FDA Announces Recall of Penumbra Catheters Used in Stroke Procedures

The U.S. Food and Drug Administration (FDA) recently announced the recall of Penumbra Jet 7 Xtra Flex catheters because they may pose a risk of serious injury. The FDA has received over 200 medical device reports associated with the devices, including deaths, serious injuries, and malfunctions.

What Is the Penumbra System?

The Penumbra System is designed specifically to facilitate a procedure called a “mechanical thrombectomy.” This is a type of minimally invasive procedure in which an interventional radiologist uses specialized equipment—in this case, made by Penumbra—to remove a blood clot from a patient’s artery.

A stroke occurs when the blood supply to part of the brain is interrupted or reduced, preventing the brain tissue from getting the oxygen and nutrients it needs to function properly. Brain cells can begin to die in minutes, so immediate treatment is critical.

The most common type of stroke is called an “ischemic stroke,” and occurs when the brain’s blood vessels become narrowed or blocked, often because of a blood clot. A mechanical thrombectomy may be used to remove the clot and restore blood flow once again.

There are currently two ways to perform a mechanical thrombectomy:

  1. Use of a stent retriever
  2. Use of aspiration

For the first option, the radiologist makes a small incision in either the wrist or abdomen, threads a catheter through the artery to the clot, then inserts a tiny net-like device called a “stent retriever.” Once in place, that retriever expands to the size of the artery wall, capturing the clot so the radiologist can pull it out.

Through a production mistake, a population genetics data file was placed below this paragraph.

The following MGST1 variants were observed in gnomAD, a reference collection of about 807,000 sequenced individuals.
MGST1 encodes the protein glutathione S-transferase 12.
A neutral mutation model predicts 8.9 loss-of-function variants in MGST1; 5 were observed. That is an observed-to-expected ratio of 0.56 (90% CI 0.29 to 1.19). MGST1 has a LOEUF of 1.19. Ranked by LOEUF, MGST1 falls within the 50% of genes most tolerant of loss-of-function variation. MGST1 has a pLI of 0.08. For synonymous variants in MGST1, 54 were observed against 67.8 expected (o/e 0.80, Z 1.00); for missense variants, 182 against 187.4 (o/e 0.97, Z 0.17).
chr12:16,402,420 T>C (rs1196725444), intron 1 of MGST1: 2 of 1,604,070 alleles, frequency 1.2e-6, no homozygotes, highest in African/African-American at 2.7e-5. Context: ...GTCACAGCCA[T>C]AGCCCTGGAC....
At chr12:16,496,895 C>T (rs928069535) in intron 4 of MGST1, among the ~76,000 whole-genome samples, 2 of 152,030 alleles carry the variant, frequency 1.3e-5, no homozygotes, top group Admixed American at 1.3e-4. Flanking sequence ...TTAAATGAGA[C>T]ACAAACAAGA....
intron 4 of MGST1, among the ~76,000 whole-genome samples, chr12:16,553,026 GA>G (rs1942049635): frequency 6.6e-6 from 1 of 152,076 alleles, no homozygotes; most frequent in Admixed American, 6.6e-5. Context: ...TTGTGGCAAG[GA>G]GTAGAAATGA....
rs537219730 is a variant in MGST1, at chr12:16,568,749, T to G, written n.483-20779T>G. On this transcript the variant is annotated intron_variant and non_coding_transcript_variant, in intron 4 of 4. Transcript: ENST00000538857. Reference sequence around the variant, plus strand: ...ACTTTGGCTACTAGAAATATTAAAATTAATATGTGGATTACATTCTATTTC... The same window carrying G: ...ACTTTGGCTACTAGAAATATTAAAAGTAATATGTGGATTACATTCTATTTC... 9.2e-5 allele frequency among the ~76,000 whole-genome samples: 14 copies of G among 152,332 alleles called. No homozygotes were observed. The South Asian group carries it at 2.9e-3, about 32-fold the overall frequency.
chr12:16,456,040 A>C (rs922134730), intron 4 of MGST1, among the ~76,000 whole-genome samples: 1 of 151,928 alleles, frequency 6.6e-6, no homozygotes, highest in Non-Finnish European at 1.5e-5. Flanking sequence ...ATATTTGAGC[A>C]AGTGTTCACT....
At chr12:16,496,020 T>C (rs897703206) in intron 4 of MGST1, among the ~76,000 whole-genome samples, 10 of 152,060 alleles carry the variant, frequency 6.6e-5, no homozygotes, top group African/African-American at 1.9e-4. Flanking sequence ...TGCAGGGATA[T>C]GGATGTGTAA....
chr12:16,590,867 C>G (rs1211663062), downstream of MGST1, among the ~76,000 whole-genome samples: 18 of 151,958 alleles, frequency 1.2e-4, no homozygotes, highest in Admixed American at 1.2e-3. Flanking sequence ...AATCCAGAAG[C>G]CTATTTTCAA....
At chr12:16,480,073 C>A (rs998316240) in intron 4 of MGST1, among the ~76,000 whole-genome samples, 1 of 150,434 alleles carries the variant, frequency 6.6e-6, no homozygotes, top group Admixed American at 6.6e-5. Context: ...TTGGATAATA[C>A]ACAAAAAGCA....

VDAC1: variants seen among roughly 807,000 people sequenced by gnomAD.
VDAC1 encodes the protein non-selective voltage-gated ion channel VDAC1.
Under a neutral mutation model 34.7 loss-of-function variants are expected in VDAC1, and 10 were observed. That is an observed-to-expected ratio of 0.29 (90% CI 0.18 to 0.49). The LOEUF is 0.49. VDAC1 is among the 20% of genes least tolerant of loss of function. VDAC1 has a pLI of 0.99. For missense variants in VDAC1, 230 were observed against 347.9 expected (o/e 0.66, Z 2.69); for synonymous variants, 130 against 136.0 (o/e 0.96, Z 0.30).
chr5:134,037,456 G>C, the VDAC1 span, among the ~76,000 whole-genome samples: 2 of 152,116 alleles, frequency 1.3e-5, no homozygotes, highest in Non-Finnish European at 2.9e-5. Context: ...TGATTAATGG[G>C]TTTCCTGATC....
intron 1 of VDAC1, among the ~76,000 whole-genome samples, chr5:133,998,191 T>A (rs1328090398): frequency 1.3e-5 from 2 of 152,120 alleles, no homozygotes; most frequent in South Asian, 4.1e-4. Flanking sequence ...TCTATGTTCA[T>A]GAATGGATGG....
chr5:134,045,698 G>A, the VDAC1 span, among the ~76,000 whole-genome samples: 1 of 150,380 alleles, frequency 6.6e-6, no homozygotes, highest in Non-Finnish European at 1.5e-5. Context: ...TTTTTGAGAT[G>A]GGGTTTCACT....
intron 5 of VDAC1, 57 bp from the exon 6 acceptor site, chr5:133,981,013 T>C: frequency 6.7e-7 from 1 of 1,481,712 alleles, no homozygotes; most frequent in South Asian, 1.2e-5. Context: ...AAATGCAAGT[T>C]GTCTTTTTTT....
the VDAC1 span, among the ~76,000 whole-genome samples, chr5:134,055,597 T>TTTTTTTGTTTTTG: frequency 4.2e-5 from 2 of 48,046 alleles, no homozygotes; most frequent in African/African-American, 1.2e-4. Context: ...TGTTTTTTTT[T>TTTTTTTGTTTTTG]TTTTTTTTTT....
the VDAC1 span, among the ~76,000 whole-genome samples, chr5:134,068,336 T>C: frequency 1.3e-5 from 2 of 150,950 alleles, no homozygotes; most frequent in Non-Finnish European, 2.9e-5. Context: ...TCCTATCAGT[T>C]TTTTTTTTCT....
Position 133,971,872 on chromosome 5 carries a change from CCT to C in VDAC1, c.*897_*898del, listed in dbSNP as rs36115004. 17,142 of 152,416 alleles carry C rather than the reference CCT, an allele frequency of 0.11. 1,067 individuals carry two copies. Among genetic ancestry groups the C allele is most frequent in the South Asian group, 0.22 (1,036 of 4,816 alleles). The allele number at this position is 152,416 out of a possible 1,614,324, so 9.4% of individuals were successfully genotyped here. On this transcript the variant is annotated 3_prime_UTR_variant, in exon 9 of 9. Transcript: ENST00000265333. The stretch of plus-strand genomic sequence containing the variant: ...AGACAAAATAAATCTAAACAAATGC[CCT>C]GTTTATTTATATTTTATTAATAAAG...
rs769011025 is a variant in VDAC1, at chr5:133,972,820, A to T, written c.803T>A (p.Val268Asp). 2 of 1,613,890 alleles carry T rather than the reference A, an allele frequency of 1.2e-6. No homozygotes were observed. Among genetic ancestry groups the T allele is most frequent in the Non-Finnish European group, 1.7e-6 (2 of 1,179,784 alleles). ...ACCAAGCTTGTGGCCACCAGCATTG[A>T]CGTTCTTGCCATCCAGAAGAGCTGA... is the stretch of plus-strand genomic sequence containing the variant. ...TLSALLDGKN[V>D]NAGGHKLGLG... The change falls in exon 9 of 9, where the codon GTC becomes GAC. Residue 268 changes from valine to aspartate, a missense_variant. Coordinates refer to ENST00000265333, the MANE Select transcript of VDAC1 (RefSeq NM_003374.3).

For the second option, the radiologist proceeds in much the same way, except instead of using a stent retriever to grasp and remove the clot, the radiologist uses an aspiration catheter that uses suction to remove it.

The Penumbra System uses the second option, stating on its website that it is engineered for “quick and effective clot removal,” with “nearly pure vacuum power” to capture clots.

Why Were the Penumbra Catheters Recalled?

This particular recall affects the following Penumbra devices:

  • The JET 7 Xtra Flex Catheter
  • The JET 7MAX configuration (which includes the JET 7 Xtra Flex catheter and Max Delivery Device)

As part of the Penumbra System with the Penumbra Aspiration Pump and Aspiration Tubing, these catheters are intended to help restore blood flow by removing clots using continuous aspiration (sucking action). The FDA has received over 200 reports, however, of these devices ballooning, expanding, rupturing, breaking, or separating, exposing the patient to the internal support coils near the tip of the catheter.

When the catheters malfunction this way during a mechanical thrombectomy, it puts the patient at risk. Reports describe serious patient injuries such as vessel damage, hemorrhage, and cerebral infarction (stroke).

When the manufacturer tested the products, the results showed that the Jet 7 Xtra Flex catheter was not able to withstand the same burst pressures as the manufacturer’s other large-bore aspiration catheters used to remove blood clots in stroke patients.

Penumbra reports it is aware of a total of 17 events involving patient injury and 14 deaths related to distal tip damage, including damage related to expansion or rupture. Because of these failures, Penumbra initiated a voluntary recall of all configurations of these catheters from the market on December 15, 2020. The company has notified doctors and medical centers of the recall and directed them to return the affected units for a replacement or refund.